A Bit of Disability History

My mother-in-law has posted to her blog (I know!  How cool is that?!) the obituary of her Uncle Oris who died in 1932 at the age of 29.  He had a disability — perhaps spina bifida — and his obituary is a truly amazing piece of writing.  Steeped in language we would never use today — “hopeless cripple” — it is also shows a respect for independence that we are still working toward over 70 years later.

His greatest earthly desire was that he should and would be self-supporting. Therefore, early in life (in fact when most normal boys of his age would have been depending solely upon parents for support) this little boy was planning ways and means for his own support, and in his almost helpless condition, was carrying his plans into effect. In addition to his pursuit of literary knowledge he studied the mechanism of jewelry and had become proficient in his knowledge of watches, clocks, etc., with the ability to correct the defects.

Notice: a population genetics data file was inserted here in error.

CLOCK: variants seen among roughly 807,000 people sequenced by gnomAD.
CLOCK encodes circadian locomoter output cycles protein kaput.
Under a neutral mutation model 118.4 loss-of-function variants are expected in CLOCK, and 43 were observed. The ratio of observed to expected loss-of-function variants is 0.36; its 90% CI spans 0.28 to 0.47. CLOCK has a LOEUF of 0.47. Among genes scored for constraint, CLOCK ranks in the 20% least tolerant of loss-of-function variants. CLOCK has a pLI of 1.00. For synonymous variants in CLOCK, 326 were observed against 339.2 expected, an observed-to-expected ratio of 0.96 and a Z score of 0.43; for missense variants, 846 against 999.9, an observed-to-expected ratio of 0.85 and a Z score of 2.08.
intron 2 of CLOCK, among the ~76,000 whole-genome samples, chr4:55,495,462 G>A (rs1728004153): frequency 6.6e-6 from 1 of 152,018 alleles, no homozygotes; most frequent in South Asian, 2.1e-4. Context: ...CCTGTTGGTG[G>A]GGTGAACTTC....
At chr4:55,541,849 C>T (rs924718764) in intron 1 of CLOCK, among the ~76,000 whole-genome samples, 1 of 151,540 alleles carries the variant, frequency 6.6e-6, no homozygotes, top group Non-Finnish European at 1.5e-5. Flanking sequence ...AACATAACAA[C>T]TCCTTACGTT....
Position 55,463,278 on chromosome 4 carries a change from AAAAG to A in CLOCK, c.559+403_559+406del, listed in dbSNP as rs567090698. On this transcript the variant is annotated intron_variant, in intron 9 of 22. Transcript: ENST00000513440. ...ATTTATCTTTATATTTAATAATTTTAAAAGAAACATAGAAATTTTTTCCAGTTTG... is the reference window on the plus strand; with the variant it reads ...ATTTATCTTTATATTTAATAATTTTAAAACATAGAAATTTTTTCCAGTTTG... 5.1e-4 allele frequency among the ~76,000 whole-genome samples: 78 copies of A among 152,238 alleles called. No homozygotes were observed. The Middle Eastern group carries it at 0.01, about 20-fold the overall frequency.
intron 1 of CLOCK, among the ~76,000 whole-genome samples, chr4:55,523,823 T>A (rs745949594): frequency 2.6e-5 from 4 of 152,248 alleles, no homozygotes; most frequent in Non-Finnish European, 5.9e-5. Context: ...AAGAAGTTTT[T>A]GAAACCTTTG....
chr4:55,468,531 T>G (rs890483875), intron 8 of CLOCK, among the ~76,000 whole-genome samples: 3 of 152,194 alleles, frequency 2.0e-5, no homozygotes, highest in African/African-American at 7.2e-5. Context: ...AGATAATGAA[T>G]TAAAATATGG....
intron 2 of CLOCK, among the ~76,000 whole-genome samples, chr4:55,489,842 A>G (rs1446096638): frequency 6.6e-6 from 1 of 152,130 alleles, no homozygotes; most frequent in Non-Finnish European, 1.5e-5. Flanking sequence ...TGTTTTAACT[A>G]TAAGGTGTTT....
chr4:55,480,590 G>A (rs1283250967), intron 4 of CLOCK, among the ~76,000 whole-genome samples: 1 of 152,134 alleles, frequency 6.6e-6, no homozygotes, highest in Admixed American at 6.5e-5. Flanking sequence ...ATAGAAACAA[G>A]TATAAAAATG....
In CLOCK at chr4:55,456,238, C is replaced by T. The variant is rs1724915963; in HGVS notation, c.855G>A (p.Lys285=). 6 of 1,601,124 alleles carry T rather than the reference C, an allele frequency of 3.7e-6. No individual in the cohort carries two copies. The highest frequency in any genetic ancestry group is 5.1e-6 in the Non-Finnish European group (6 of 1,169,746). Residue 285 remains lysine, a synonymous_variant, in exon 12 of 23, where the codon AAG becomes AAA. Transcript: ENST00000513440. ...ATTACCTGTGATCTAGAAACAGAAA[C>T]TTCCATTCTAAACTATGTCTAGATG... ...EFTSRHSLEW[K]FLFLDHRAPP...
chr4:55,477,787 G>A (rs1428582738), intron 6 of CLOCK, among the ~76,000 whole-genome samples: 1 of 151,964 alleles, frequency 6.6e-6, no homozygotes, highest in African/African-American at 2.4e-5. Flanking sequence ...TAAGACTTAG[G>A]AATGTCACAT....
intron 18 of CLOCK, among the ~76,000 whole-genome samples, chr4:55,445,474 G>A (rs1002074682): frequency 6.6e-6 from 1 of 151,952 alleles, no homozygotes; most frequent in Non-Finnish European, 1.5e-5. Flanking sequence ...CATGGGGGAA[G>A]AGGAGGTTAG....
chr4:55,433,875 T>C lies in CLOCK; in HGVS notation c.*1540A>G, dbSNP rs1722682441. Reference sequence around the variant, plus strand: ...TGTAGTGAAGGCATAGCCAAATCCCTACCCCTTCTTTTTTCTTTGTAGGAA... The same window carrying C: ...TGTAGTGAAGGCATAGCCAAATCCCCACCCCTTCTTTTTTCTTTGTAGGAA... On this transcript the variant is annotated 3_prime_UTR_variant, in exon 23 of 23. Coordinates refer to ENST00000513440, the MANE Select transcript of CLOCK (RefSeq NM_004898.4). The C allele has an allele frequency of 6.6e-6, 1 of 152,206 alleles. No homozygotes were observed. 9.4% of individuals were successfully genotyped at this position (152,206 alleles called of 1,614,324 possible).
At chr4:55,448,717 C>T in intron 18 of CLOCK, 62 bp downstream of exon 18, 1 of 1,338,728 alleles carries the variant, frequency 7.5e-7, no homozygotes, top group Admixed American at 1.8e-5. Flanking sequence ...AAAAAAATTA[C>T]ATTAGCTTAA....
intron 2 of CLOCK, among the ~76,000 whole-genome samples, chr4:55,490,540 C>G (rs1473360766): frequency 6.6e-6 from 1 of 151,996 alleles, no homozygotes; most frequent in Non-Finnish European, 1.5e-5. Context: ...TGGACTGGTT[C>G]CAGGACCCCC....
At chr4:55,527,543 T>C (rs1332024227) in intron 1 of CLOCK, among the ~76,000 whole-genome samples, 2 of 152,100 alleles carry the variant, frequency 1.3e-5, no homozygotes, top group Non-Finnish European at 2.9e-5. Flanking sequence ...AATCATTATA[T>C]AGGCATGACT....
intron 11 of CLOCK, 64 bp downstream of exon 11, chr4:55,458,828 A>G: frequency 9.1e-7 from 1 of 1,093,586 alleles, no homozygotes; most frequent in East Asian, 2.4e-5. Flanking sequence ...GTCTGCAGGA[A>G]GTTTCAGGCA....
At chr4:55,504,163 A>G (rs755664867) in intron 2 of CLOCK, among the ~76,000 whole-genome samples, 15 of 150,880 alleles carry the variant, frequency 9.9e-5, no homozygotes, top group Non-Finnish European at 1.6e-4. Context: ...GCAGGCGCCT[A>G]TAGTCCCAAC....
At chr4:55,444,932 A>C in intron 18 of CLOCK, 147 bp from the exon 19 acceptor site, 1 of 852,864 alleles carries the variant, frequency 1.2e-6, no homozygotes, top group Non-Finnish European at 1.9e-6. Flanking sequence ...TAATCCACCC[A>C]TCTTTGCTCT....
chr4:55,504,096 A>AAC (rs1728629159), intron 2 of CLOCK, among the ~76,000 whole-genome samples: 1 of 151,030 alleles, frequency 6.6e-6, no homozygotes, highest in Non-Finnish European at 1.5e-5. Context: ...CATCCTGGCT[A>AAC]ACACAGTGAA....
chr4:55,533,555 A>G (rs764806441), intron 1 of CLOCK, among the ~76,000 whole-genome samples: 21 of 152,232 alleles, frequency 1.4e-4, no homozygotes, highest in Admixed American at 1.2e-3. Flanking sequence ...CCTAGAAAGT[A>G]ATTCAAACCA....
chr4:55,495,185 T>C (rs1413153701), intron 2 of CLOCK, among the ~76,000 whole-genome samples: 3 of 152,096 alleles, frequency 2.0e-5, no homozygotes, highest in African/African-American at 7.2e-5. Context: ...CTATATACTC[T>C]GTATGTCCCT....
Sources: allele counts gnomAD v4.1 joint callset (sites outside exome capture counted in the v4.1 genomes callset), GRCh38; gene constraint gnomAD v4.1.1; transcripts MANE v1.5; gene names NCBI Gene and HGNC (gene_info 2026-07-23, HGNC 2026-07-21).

In conclusion I desire to express the hope that this community who knew him so intimately and loved him so well will profit by his life of application in the pursuit of knowledge and independency.

He was integrated into his family and community, even in small-town Kentucky in the early 20th century.  I think Nora captured this perfectly.  The writer

saw in Oris all the greatness of a life and the sadness of a system that did not allow for a formal education to everyone.

The religious language of the obituary is beyond anything you’d see in a mainstream newspaper these days, and initially made me cringe.  But as I read on I had increasing admiration for this writer’s unrestrained style.  He writes what he feels, no baloney, no spin.  Obviously, I can’t adopt this style in my work life, no matter how accurate.  (“Opposing counsel is a lying sack of shit, Your Honor.”)  But it feels like something to strive for in my recreational writing.  (“I feel like I hit some kind of in-law lottery jackpot.”)

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